When did you announce your podcast’s existence to the world? How did you do it?
Paris: March 13, 2015 was the debut of the show and I think all we did was announce it on our Facebook and Twitter– both on our personal accounts and the show’s accounts. Again, this was before podcast creators had come up with full seasons and marketing plans before even launching something, so it didn’t even occur to us to come up with anything of the sort.
Chris: I don’t remember doing any sort of announcement beyond just…putting it up when we made the first one. I don’t see the need to make an announcement when no one’s listening yet!
Why did you want a podcast website for Terrible Book Club?
Paris: We wanted the show to have a main landing page that was clean, modern, and easily accessible. We’re a small show, so it’s important that our online presence be at least somewhat polished to compete with the thousands of other more popular and more funded shows.
We initially utilized the Libsyn-provided web landing page for Terrible Book Club. As time went on, though, we started looking into other options and discovered RadioPublic’s Podsites. We appreciated the free page that Libsyn provided but wanted to try something new.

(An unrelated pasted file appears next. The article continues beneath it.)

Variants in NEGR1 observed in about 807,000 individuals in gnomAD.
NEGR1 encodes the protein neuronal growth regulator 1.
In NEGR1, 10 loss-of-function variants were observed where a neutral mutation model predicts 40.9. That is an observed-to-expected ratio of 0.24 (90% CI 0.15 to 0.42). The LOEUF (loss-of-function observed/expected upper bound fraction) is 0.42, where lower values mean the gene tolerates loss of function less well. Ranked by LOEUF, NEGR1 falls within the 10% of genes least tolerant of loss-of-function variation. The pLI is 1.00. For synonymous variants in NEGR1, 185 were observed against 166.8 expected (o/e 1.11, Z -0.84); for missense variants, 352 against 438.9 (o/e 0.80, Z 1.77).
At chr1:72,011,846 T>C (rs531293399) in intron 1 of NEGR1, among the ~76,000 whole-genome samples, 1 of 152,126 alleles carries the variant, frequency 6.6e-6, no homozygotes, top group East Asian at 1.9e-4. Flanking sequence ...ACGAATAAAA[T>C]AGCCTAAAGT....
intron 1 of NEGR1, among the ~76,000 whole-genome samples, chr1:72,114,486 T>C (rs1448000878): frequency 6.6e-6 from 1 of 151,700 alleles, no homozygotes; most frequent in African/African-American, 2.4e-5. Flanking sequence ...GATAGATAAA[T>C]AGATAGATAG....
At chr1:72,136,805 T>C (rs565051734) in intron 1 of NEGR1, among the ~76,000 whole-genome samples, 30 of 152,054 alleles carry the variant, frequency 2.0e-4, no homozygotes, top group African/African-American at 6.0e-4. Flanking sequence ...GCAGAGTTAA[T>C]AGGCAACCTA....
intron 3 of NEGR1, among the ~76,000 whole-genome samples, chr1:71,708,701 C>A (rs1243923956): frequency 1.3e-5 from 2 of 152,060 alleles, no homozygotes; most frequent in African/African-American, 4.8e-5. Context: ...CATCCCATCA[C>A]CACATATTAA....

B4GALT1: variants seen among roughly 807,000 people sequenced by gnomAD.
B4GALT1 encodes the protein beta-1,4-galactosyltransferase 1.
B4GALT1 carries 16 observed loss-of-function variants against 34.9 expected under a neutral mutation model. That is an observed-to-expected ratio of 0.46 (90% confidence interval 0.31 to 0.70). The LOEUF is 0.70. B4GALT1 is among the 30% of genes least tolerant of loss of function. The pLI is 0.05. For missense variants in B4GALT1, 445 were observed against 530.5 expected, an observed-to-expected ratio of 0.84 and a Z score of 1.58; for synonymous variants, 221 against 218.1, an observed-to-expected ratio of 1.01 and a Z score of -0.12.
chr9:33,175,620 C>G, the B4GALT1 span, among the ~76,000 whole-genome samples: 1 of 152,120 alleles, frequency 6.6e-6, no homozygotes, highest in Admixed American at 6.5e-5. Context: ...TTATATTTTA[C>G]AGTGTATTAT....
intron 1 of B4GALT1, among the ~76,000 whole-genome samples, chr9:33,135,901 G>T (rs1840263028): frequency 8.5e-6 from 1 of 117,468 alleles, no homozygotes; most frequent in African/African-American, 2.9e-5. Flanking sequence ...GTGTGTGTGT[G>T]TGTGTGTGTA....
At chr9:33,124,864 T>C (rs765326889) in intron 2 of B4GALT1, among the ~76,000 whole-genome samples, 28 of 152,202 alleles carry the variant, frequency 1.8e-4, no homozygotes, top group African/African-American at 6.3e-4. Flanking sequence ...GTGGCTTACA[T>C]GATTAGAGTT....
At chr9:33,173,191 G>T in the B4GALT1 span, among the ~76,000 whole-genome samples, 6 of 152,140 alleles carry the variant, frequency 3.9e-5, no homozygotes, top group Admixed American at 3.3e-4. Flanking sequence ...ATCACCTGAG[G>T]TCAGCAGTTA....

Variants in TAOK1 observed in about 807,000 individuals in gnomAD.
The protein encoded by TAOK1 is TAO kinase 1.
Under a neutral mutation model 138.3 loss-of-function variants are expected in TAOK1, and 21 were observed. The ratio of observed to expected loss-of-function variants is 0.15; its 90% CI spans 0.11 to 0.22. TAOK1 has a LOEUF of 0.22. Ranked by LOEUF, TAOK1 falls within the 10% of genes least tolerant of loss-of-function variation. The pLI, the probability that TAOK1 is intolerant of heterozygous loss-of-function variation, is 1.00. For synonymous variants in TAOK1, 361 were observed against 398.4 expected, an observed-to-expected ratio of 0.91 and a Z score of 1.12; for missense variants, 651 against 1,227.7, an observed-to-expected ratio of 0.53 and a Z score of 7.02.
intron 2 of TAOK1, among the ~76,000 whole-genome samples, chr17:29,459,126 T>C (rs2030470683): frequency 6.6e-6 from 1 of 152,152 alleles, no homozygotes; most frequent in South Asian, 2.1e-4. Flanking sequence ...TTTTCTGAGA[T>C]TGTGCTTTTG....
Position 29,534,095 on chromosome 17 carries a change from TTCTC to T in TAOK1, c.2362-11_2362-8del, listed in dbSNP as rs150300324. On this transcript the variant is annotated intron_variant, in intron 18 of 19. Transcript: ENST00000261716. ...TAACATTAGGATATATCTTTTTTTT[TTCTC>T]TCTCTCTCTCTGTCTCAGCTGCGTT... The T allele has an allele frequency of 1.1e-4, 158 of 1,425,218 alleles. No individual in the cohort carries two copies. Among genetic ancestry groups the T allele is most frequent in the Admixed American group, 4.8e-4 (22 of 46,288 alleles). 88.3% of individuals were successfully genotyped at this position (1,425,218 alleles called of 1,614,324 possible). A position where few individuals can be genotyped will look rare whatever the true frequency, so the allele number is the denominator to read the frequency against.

Chris: Every public-facing venture should have an easy place to get all the info about it as quickly and cleanly as possible. Having a central hub with an easy-to-remember URL cuts down on the amount of clicking and searching people have to do to find a way to consume your content. I was pretty excited to be able to start telling people “Just go to terriblebookclub.com!”
You publish a new episode of your show. What’s your approach to promoting it?
Paris: Oh, boy – it’s quite the adventure. I update Goodreads, post on Facebook (both the Podcasts! and Podcasts We Listen To Facebook groups, the TBC page itself, and then our personal accounts), Twitter, Instagram (a regular photo post and as Story we can highlight), Reddit r/podcasts and r/podcasting weekly episode threads, and then do a final search around Reddit to see if there are any additional subreddits or threads where posting the episode would be relevant. For example, if we review a sci-fi book, I might head over to some sci-fi subreddits and do a scan of topics to see if it would be fitting to post on any of the threads. I try to be really careful about not just spamming threads – it has to make sense for me to post about the show.